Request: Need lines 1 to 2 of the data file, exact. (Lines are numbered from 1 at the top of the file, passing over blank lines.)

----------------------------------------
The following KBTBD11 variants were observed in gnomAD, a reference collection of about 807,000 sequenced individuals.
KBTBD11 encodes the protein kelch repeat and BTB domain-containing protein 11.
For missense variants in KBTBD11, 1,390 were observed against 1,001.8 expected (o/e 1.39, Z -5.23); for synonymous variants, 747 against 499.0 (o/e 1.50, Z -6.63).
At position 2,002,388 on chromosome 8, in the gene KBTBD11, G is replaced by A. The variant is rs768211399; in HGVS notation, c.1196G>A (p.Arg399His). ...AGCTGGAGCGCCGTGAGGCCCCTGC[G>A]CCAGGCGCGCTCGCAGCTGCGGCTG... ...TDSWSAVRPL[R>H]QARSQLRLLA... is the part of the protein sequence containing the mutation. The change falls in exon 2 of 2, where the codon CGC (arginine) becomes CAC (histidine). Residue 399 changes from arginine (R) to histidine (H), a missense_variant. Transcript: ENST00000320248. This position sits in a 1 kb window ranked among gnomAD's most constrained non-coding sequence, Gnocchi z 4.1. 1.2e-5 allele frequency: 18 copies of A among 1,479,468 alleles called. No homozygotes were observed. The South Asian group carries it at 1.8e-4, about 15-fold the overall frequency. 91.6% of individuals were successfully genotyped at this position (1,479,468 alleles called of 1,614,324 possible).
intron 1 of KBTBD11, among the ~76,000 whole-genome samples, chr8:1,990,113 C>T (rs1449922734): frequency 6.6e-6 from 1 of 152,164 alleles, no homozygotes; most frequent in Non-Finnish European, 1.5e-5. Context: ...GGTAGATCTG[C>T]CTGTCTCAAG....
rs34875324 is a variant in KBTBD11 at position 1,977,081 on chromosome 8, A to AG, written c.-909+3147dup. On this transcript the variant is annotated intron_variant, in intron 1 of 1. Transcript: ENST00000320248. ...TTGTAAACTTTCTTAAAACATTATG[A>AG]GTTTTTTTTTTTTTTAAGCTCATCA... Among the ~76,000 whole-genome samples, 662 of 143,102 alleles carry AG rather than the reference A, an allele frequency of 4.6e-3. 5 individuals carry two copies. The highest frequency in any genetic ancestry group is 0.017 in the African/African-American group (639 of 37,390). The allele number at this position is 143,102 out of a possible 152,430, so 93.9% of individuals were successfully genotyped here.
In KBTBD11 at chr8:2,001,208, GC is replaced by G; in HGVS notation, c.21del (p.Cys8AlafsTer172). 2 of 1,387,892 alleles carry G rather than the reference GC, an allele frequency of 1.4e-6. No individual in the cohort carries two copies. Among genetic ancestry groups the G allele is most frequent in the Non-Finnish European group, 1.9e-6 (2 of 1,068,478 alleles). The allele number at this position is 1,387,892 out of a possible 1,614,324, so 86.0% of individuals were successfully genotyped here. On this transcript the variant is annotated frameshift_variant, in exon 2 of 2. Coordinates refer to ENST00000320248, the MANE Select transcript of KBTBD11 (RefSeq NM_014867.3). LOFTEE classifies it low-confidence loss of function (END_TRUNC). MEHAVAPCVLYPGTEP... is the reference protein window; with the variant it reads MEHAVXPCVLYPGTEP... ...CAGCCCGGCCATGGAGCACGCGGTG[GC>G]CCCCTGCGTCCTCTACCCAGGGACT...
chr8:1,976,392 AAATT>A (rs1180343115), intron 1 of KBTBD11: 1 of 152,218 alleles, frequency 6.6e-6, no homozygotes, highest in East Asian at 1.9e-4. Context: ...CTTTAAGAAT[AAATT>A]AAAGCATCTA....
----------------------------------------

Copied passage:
The following KBTBD11 variants were observed in gnomAD, a reference collection of about 807,000 sequenced individuals.
KBTBD11 encodes the protein kelch repeat and BTB domain-containing protein 11.